But it’s wrong to tie the thoughtful Moore too closely to the reactionary Miller. Moore’s celebrated series V for Vendetta posted a warning about Thatcherism and supplied the Occupy movement with a face. He turned a repudiated horror comic, Swamp Thing, into a repudiation of Reaganism. In 1988, he went so far as to form the publishing imprint Mad Love so that he could bring out a comic protesting homophobic English legislation. Compared to the rest of his work, then, The Killing Joke marked a regression. The last of the much-lauded graphic novels of the late ’80s, it exemplified traits that continue to bedevil the superhero genre today—misogyny, nihilism, and sadism for the sake of fanboys.
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“The Killing Joke was not a project instigated by Alan,” writes the artist Brian Bolland in the afterword to the 2008 edition, “nor was it, as far as I know, a labor of love for him.” This is an unsurprising revelation. By the late ’80s, Moore, arguably the biggest name in comics, had stretched the concept of men in spandex as far as it could go. His 12-issue series Watchmen was looking a lot like the genre’s Citizen Kane, its Ulysses. Moore seemed to have consolidated everything that had come before, from Golden Age propaganda to pulpy ’50s horror, demonstrating effortless facility with the medium and its history, while reversing superhero cliches. “I’m not a Republic serial villain,” says the villain toward the end of Watchmen, in his Antarctic lair. (He’s been cornered by the heroes, who assume they’ve foiled his plot.) “Do you seriously think I’d explain my masterstroke if there remained the slightest chance of you affecting its outcome?” Unbeknownst to the heroes, he’s already wiped out New York.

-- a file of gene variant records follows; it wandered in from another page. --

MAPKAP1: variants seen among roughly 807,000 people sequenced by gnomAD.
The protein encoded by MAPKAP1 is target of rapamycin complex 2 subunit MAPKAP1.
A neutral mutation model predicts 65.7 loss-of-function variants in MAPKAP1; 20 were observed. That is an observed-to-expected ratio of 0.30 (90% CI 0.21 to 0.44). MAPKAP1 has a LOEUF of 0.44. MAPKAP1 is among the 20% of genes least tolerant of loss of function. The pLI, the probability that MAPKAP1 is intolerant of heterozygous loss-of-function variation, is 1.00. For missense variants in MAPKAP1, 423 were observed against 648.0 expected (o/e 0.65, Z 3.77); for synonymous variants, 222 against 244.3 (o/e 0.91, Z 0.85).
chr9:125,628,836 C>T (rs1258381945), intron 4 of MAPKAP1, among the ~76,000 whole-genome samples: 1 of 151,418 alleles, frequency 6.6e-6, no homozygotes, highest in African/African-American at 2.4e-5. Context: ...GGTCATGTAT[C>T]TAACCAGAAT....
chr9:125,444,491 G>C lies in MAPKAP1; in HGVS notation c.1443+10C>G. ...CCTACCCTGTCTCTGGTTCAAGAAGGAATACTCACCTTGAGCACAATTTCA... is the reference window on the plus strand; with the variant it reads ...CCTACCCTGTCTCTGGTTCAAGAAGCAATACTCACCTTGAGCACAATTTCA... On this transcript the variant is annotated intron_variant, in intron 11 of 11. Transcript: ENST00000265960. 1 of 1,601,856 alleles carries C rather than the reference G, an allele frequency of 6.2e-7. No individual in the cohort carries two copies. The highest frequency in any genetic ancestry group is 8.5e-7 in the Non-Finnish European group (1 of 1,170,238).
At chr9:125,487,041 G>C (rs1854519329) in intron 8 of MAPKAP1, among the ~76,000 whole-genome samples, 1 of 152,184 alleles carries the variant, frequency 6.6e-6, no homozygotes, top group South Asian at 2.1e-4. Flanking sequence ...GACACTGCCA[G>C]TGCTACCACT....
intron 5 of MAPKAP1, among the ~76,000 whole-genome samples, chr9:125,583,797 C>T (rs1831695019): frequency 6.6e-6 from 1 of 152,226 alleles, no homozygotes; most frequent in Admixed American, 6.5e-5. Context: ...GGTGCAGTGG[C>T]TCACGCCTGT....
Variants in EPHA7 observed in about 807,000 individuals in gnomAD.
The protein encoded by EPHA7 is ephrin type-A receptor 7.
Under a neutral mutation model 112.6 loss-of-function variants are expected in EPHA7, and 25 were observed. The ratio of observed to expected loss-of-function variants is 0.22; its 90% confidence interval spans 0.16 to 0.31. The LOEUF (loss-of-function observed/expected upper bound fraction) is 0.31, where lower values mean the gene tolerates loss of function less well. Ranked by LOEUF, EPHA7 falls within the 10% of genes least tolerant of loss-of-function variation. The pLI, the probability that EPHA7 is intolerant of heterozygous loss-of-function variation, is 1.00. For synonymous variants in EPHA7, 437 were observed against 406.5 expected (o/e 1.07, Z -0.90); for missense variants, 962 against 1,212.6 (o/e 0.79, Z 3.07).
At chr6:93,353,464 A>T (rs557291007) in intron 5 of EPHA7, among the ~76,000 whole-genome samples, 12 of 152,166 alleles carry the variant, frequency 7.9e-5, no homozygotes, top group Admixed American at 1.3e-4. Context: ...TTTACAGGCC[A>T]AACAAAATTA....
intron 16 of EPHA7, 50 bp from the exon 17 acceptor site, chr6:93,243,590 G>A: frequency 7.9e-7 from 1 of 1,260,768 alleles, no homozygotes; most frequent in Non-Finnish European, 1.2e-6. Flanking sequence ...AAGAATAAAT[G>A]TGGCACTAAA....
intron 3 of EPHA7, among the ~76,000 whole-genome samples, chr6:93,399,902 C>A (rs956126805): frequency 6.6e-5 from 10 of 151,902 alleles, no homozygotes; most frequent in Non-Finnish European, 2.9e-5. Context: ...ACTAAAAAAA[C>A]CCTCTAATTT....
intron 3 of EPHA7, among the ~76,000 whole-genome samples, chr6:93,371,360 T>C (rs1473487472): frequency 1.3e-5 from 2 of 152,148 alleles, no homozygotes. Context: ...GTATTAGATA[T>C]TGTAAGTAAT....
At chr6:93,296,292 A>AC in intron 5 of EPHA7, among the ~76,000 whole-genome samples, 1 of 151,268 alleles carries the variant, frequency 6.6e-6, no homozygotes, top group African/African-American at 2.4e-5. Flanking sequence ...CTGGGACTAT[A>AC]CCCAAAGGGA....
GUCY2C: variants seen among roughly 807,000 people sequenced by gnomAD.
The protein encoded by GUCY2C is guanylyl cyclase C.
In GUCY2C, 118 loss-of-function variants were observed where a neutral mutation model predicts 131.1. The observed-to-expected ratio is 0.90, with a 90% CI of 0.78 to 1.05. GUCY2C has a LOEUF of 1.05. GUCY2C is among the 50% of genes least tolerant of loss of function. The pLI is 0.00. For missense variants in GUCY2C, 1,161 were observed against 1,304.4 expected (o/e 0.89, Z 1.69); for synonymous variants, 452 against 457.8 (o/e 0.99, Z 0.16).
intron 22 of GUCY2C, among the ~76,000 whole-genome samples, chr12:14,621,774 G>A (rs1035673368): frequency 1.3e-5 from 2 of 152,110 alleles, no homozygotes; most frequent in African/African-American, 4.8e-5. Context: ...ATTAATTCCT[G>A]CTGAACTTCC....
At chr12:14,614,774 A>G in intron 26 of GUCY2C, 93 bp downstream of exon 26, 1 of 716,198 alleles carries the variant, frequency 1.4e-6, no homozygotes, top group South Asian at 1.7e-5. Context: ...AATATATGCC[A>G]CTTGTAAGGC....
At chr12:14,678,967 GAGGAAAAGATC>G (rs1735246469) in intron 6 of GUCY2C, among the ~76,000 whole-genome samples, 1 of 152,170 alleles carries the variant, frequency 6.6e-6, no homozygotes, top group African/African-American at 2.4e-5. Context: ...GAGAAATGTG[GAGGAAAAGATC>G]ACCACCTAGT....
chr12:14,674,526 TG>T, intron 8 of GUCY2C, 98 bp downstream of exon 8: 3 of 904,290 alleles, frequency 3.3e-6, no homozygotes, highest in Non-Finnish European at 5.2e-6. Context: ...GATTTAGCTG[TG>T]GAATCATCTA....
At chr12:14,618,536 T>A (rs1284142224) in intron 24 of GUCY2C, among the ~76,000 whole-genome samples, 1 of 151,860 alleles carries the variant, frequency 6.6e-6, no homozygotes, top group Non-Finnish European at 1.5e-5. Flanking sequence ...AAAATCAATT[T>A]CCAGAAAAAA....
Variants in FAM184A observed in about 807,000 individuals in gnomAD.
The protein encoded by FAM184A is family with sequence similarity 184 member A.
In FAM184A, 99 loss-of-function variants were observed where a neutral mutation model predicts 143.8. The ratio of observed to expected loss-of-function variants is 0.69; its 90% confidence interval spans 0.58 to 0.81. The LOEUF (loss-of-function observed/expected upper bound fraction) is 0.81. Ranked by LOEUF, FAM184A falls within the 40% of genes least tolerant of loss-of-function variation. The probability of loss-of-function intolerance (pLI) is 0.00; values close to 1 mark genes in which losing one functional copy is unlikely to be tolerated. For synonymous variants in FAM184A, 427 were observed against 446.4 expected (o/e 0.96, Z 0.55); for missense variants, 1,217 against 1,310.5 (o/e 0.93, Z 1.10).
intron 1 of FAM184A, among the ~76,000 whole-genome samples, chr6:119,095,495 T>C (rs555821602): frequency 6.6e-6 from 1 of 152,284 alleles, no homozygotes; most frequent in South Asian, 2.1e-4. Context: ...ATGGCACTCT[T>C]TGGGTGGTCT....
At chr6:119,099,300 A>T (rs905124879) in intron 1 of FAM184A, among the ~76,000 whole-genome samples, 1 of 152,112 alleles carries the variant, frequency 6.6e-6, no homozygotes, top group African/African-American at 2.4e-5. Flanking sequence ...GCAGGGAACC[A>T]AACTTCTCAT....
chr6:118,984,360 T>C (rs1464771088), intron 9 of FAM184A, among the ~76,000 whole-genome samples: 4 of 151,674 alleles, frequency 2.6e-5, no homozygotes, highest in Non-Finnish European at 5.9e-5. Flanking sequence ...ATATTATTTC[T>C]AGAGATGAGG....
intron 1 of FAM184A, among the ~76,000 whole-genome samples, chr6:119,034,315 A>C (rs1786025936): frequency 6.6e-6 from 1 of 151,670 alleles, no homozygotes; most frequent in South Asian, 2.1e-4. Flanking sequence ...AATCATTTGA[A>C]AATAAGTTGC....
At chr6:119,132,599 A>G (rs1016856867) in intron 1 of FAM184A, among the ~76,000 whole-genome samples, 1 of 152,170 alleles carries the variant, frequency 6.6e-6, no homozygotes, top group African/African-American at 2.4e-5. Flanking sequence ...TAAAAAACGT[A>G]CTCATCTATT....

In the superhero movies of today, of course, violence is a non-event. Cities are routinely incinerated, their faceless occupants vaporized out of frame. (Batman v. Superman: Dawn of Justice is a particularly egregious recent example of this.) But the obliteration of a major American city at the end of Watchmen was moving precisely because the previous 11 issues had acquainted readers with its citizens. Moore wisely reserved plenty of panels for the non-superpowered civilian, who doesn’t keep spandex under her clothes. It was at this point that the illustrator, Dave Gibbons, broke the nine-panel grid, the book’s dominant style, and used whole pages to pan across piled corpses. The images were devastating; form exploded to accommodate content’s blast radius.
The Killing Joke dispensed with such thoughtfulness. Batman’s nemesis, it turns out, was a struggling comedian who lost his pregnant wife the very same day he plunged into a vat at the local chemical plant—conveniently located next to the local playing-card company. (“All it takes is one bad day to reduce the sanest man alive to lunacy,” explains the Joker.) Running parallel to this over-determined origin is a present-day plot in which the Joker conspires to illustrate the “random injustice” of life. He shoots the character Batgirl in the spine, then trusses her father up in bondage gear, taunting him with photographs of his naked, paralyzed daughter. When the time came for his editor to sign off on the maiming, Moore recalled him saying, “Yeah, okay, cripple the bitch.” Later, Moore admitted, “It was probably one of the areas where they should’ve reined me in, but they didn’t.”